TVD Radar: Capitol Records’ A Capitol Christmas Volume 2,
in stores 12/1

VIA PRESS RELEASE | Capitol Records’ celebration of its 75th anniversary continues with the release of A Capitol Christmas Volume 2, a collection of 24 timeless holiday and seasonal classics sung by the label’s unmatched list of legends. Available now digitally and on 2CD, and December 1 as a double LP in gatefold cover, the album brings together some of pop music’s most iconic holiday songs with extremely rare recordings originally issued in very limited release. Volume 2’s list of singers includes Glen Campbell, The Beach Boys, Wayne Newton, Lena Horne, Dinah Shore, Nancy Wilson, Johnny Mercer, The Louvin Brothers and many more, with each contribution lovingly chronicled in liner notes provided by compilation producer Jay Landers.

A fitting companion to last year’s timeless collection, A Capitol Christmas Volume 2 continues to mine Capitol’s deep reservoir of holiday and seasonal standards sung by millions of celebrants each winter. The album features Wayne Newton’s jubilant takes on the rockabilly Christmas classic “Jingle Bell Rock” and perennial favorite “Rudolph, the Red-Nosed Reindeer,” both originally released in 1966 on his first holiday album, Songs For A Merry Christmas, three years after his debut record on Capitol.

Glen Campbell was one of Capitol’s most iconic stars of the ‘60s and ‘70s, recording a remarkable 40 albums for the label. In 1968, on the heels of a string of hit albums – the Grammy Award-winning By The Time I Get To Phoenix and Gentle On My Mind and the #1 record Wichita Lineman – Campbell teamed back up with Capitol’s in-house producer and arranger Al De Lory for That Christmas Feeling. The album is showcased here with Campbell’s exquisite rendition of the Elvis Presley-immortalized “Blue Christmas” and the lesser known “Old Toy Trains,” which was written by his good friend Roger Miller and shows off a different side of the singer.

Second only to the Beatles, The Beach Boys were Capitol’s most popular recording act from the ‘60s until the end of the decade. For their fifth Capitol release, Brian Wilson turned his attention to the holidays, asking Four Freshmen’s arranger, Dick Reynolds, to write the charts for a 40-piece orchestra. The result was 1964’s The Beach Boys’ Christmas Album which featured their sunny take on “Frosty the Snowman” and Wilson’s original “Christmas Day,” which marked rhythm guitarist Al Jardine’s debut as a lead singer, both included here.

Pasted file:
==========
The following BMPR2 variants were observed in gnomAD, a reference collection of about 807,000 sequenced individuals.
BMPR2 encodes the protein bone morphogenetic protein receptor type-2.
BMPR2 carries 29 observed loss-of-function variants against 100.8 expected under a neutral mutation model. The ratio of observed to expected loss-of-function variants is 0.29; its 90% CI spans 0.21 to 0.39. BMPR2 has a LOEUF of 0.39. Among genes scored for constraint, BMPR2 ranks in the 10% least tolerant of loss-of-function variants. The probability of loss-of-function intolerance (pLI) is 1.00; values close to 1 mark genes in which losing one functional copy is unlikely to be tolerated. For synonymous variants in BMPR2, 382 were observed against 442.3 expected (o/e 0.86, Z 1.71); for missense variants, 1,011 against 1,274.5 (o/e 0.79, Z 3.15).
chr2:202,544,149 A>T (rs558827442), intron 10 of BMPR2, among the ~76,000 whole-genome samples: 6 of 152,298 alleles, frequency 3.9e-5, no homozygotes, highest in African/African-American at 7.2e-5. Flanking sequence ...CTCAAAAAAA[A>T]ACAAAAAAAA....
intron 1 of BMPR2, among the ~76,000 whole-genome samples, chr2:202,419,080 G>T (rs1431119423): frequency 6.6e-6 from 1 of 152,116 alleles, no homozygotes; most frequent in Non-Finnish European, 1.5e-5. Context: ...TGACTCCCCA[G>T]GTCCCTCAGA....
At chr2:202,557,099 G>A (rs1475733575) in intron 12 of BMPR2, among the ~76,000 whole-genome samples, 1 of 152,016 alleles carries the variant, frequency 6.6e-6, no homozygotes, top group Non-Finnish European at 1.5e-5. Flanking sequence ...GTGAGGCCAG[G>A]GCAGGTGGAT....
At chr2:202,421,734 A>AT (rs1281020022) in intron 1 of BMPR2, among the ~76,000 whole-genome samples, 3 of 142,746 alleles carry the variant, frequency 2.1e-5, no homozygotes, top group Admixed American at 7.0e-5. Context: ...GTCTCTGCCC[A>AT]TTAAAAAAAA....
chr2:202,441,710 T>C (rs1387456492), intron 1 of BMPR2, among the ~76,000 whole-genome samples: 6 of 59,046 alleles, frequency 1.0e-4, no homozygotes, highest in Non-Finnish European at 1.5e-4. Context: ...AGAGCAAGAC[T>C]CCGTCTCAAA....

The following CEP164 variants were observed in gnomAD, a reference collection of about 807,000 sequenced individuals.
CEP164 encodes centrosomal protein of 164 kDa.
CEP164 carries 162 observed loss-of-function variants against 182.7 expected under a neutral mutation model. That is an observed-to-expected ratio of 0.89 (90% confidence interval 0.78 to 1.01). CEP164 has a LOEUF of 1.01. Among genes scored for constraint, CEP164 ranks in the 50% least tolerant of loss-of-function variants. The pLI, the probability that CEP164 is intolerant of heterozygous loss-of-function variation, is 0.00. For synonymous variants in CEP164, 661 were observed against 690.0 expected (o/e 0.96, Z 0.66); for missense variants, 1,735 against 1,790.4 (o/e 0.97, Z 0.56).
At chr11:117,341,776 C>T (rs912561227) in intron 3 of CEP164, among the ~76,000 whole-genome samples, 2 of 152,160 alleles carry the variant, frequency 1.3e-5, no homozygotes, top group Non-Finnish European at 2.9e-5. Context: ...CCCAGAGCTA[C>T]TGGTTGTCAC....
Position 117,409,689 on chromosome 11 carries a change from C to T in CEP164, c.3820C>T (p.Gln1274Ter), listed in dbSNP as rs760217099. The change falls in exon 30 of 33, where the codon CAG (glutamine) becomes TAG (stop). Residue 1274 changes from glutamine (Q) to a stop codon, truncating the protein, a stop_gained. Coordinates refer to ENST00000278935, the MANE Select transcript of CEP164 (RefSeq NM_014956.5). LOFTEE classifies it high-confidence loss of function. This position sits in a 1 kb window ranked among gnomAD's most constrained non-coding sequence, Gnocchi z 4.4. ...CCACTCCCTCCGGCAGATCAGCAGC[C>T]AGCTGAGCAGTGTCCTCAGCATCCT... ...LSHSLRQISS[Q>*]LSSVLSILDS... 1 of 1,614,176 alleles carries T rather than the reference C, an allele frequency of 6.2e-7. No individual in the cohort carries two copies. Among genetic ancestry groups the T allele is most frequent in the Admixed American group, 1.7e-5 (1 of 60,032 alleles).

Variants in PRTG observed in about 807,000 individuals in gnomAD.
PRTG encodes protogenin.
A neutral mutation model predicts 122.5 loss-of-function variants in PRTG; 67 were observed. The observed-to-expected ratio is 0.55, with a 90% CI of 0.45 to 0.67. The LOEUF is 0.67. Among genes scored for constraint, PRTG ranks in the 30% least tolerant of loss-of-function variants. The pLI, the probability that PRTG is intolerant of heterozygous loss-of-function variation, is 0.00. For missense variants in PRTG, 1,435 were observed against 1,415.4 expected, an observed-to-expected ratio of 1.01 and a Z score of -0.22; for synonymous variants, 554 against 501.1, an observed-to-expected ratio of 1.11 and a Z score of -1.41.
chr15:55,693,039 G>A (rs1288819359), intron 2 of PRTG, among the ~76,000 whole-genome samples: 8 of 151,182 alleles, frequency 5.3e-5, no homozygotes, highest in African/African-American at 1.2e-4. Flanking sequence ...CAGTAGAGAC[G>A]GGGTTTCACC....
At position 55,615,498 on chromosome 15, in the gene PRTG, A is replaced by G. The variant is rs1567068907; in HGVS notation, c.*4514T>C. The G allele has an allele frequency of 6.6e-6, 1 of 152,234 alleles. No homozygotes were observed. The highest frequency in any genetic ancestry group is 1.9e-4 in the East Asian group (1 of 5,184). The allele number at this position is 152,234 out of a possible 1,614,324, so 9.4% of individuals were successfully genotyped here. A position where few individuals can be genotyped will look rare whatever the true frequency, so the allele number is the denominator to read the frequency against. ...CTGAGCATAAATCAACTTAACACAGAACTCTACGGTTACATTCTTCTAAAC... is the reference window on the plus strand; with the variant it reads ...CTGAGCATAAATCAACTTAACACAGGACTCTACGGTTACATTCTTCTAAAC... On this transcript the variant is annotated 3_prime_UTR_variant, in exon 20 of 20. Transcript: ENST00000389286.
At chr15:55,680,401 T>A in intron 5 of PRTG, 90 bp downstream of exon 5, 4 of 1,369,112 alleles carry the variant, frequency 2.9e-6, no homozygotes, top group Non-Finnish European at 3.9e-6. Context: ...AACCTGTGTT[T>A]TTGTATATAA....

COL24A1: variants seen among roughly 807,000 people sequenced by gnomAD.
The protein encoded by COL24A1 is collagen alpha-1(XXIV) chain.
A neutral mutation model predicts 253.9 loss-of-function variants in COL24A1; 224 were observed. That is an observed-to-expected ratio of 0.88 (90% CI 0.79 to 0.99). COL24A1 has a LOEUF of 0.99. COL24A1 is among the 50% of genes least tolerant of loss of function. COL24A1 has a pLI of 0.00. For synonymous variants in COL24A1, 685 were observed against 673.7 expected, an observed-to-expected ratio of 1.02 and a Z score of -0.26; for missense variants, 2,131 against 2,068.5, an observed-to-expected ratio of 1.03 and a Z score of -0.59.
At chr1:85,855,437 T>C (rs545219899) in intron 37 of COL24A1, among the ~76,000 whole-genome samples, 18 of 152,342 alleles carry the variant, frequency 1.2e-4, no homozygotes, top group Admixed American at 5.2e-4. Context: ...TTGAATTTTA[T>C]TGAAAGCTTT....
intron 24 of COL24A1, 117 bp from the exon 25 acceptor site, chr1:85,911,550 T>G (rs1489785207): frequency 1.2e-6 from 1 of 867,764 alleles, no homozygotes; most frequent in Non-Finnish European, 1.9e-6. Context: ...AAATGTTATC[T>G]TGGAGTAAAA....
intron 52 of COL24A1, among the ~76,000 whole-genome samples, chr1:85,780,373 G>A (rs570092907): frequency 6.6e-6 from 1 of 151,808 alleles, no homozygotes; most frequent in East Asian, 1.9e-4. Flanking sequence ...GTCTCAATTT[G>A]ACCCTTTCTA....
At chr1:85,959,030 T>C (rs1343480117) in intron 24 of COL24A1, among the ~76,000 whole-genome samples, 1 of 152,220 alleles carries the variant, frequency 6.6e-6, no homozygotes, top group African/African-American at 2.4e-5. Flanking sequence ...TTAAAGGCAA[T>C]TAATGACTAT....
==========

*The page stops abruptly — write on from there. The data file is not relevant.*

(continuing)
The album spotlights some of the best of Capitol’s Christmas recordings from the 1940s, ’50 and ‘60s and transports listeners to a simpler time. Take thirteen-year-old Molly Bee’s “I Saw Mommy Kissing Santa Claus,” which caused a stir in 1952 when the song’s lyrics were condemned by the Catholic Church of Boston, but has survived to become a modern holiday classic, as easily recognizable as more traditional fare like “White Christmas.” Irving Berlin’s iconic song is represented here with a tranquil guitar and vocal-driven version by six-string legend Les Paul and his foil Mary Ford. Other chestnuts include crooner Al Martino’s lush, orchestral “Silver Bells” and Guy Lombardo and His Royal Canadians instrumental “Auld Lang Syne,” a song so ubiquitous it’s the soundtrack to New Year’s Eve around the world.

In addition to the beloved seasonal standards, the holiday compilation also features rare and interesting takes throughout like Nancy Wilson’s perfect interpretation of Frank Sinatra’s “The Christmas Waltz,” a true rarity that only appeared on a December 1968 limited-press promotional LP, The Capitol Disc Jockey Album. The incomparable Dinah Shore’s delivers a lightly swinging rendition of “Jingle Bells” originally issued on an unknown number of complimentary vinyl discs that were distributed as Christmas cards in Chevrolet dealerships around the country.

Accomplished recording artist and movie star Lena Horne is spotlighted with the joyous “Have Yourself a Merry Little Christmas” and the beautiful, pensive “What Are You Doing New Year’s Eve?” That song was a rare non-musical theater entry by Frank Loesser, composer of “Guys & Dolls” and “How to Succeed in Business Without Really Trying.” In Horne’s hands, the song becomes an alluring jazz ballad. And “Away in a Manger” in the hands of Charlie and Ira Louvin is nothing short of miraculous, full of raw emotion and the unrelenting shadow of sin the Louvins were so great at conveying.

In the true spirit of the holidays, A Capitol Christmas Volume 2 collects two dozen magical recordings that have helped to make the season bright for generations, bringing joy to the hearts and ears.

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